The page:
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Vaccines define the path to putting pandemic restrictions and pain in the rear-view mirror.
Mapping apps for smartphones conveniently calculate the fastest driving route from point A to point B, making it easy for millions of people to avoid delays from traffic or accidents and get to their destinations.
The “app” to get society on the fastest route out of COVID-19 pandemic restrictions and health threats is readily available in the United States: effective vaccines that greatly reduce or prevent infections, hospitalizations, and deaths. A significant segment of the population, however, is hesitant to use the tool, or have decided to wait out the delays.
Is the science behind the vaccines too complicated to communicate effectively? Are informed messages reaching target audiences? Is distrust of the government, biopharmaceutical companies, and the medical profession to blame for hesitancy? Is accessibility a factor? Or do people respond to what they want to hear, not what they need to hear?
Despite intense public outreach and education efforts, a slowing uptake of COVID-19 vaccines is hampering efforts to shut down the virus spread as quickly as officials would like. And the large segment of the US populace that is unvaccinated is susceptible for the virus and its variants. A survey of public perceptions about vaccines reveals a variety of reasons some people are hesitant to get vaccinated, with many reasons tied to misinformation and distrust (1).
The Kaiser Family Foundation (KFF) asked adults about five common misconceptions about the COVID-19 vaccine: that you can get COVID-19 from the vaccine; the vaccines contain fetal cells, cause infertility, or change your DNA; or you should not get the vaccine if you had COVID-19. In April 2021, more than half of those surveyed (54%) either believed one of the misconceptions to be true or did not know if the statements were true or false.
Overall, more than 70% of the US public surveyed by KFF in the past few months were very or somewhat confident that vaccines were safe. For the vaccine-hesitant group, however, there does not seem to be an effective argument to convince them to get vaccinated. Less than one-third of the vaccine-hesitant surveyed said they would be convinced to get inoculated if they were told the rapid vaccine development was supported by 20 years of previous research or if FDA grants full approval.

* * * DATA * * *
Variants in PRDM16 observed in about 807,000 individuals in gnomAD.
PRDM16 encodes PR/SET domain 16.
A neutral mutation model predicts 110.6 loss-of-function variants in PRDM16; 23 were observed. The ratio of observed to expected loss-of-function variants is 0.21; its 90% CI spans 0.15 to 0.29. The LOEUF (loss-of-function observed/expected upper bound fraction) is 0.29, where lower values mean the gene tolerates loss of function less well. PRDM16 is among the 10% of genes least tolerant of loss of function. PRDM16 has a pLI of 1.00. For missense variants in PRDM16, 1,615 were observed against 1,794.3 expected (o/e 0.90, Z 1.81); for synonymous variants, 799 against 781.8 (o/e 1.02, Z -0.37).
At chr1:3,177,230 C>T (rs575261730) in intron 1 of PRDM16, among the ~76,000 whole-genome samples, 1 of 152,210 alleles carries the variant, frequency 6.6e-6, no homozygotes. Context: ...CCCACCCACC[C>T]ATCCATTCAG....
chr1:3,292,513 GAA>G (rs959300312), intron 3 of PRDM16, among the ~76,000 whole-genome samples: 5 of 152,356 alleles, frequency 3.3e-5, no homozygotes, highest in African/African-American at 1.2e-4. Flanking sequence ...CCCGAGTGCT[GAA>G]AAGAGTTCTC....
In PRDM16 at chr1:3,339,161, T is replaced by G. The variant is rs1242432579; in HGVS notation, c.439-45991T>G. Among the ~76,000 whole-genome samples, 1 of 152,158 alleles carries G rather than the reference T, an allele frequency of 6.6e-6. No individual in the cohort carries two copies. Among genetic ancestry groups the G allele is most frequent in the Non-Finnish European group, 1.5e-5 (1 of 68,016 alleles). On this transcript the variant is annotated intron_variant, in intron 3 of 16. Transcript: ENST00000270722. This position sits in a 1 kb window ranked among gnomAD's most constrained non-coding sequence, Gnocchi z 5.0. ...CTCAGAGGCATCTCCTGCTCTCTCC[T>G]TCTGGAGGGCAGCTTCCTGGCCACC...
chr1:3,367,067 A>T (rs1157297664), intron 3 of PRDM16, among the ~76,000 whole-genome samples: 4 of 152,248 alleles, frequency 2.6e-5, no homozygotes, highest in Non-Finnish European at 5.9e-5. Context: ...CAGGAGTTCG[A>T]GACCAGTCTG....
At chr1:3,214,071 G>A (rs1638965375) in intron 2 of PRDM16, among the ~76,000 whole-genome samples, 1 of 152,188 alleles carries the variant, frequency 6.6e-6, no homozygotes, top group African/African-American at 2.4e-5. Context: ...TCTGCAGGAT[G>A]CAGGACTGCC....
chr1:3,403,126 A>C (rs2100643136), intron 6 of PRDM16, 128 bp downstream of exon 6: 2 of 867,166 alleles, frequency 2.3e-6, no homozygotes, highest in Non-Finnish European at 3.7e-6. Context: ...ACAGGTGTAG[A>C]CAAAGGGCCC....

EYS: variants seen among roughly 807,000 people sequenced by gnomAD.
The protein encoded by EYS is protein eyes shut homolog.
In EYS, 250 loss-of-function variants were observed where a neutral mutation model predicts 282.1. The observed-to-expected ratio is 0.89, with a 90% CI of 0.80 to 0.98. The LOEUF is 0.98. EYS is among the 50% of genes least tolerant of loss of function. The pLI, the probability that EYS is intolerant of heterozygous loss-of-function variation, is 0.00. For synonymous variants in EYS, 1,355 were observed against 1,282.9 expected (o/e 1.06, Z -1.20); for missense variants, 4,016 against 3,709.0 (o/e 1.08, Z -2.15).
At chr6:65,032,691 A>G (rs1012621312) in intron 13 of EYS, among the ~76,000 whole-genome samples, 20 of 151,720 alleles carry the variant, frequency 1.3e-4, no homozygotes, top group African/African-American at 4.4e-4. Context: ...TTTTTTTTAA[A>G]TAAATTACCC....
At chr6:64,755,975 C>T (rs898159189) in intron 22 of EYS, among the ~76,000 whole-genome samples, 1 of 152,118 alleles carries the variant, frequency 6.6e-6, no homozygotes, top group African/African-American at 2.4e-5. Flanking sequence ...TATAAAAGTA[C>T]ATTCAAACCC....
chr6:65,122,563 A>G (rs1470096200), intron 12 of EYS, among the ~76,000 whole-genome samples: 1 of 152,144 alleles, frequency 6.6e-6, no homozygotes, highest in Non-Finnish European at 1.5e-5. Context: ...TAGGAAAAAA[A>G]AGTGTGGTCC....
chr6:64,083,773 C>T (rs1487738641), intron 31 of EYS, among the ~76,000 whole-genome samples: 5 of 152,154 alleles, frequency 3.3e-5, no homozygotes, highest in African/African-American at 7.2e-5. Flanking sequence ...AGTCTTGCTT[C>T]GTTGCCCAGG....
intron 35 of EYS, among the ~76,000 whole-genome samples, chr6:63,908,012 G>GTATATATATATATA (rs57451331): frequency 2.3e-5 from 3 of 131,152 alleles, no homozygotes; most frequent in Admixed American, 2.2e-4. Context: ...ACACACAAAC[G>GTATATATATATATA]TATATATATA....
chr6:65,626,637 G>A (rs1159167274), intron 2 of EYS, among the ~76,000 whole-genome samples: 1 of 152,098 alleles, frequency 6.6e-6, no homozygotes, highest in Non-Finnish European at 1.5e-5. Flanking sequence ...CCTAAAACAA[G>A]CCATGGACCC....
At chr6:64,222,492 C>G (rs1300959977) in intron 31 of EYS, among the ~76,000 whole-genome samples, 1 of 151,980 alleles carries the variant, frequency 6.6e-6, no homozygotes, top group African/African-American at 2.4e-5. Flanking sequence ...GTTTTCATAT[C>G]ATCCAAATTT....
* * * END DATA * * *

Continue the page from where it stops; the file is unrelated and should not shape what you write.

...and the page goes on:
More than 40% of the vaccine-hesitant said the knowledge that the vaccines were effective in preventing hospitalizations was convincing; however, more than one-third of the people in the wait-and-see category planned to wait for more than a year to get vaccinated.
Vaccine side effects—and suspicions that the vaccines may not be as safe as advertised—were major concerns, as were worries that the vaccine may negatively impact fertility or that side effects will cause them to miss work.
Perhaps more telling is anecdotal comments from people who feel the virus will not affect them; they are healthy, so they won’t get very sick if they are infected; or they are protected if others around them are vaccinated.
This vaccine hesitancy—combined with emerging virus variants—suggests that the threat of the SARS-CoV-2 virus will be with us for some time. Fortunately, researchers are working on the next generation of vaccines. In mid-June 2021, the National Institutes of Health reported the Novavax subunit vaccine demonstrated 90.4% efficacy in preventing symptomatic COVID-19 disease in a Phase III clinical trial (2).
Vaccines are the route out of the pandemic. The directions are available. We need to convince more people of the validity of the technology, and to get into the fast lane.
1. Kaiser Family Foundation, “KFF COVID-19 Vaccine Monitor” www.kff.org, accessed June 25, 2021.
2. NIH, “US Clinical Trial Results Show Novavax Vaccine Is Safe and Prevents COVID-19,” Press Release, June 14, 2021.
Rita Peters is the editorial director of BioPharm International.
Vol. 34, No. 7
When referring to this article, please cite it as R. Peters, “Avoiding Delays on the Road to Normalcy,” BioPharm International, 34(7) 2021.